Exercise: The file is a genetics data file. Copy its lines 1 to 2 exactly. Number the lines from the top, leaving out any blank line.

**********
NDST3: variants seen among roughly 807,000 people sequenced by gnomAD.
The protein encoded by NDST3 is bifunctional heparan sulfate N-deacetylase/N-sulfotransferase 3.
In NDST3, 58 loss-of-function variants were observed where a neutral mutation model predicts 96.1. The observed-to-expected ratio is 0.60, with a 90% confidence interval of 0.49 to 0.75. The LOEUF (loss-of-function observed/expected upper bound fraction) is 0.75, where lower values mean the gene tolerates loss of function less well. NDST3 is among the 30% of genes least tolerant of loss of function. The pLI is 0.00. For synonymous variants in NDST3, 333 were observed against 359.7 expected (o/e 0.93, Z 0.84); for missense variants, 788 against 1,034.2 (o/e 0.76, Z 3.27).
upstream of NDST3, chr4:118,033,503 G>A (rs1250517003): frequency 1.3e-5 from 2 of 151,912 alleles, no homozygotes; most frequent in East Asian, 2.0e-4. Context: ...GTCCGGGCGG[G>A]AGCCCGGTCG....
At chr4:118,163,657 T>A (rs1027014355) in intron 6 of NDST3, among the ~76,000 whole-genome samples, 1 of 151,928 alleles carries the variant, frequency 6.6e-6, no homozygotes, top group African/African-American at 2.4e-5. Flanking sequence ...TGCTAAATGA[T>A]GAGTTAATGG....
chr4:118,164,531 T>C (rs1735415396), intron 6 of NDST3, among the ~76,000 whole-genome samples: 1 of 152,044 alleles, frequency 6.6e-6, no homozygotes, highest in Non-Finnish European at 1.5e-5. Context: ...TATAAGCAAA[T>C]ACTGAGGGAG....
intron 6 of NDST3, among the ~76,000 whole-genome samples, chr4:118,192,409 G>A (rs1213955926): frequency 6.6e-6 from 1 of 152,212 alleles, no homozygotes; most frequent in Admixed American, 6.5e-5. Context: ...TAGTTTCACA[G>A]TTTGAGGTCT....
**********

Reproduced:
NDST3: variants seen among roughly 807,000 people sequenced by gnomAD.
The protein encoded by NDST3 is bifunctional heparan sulfate N-deacetylase/N-sulfotransferase 3.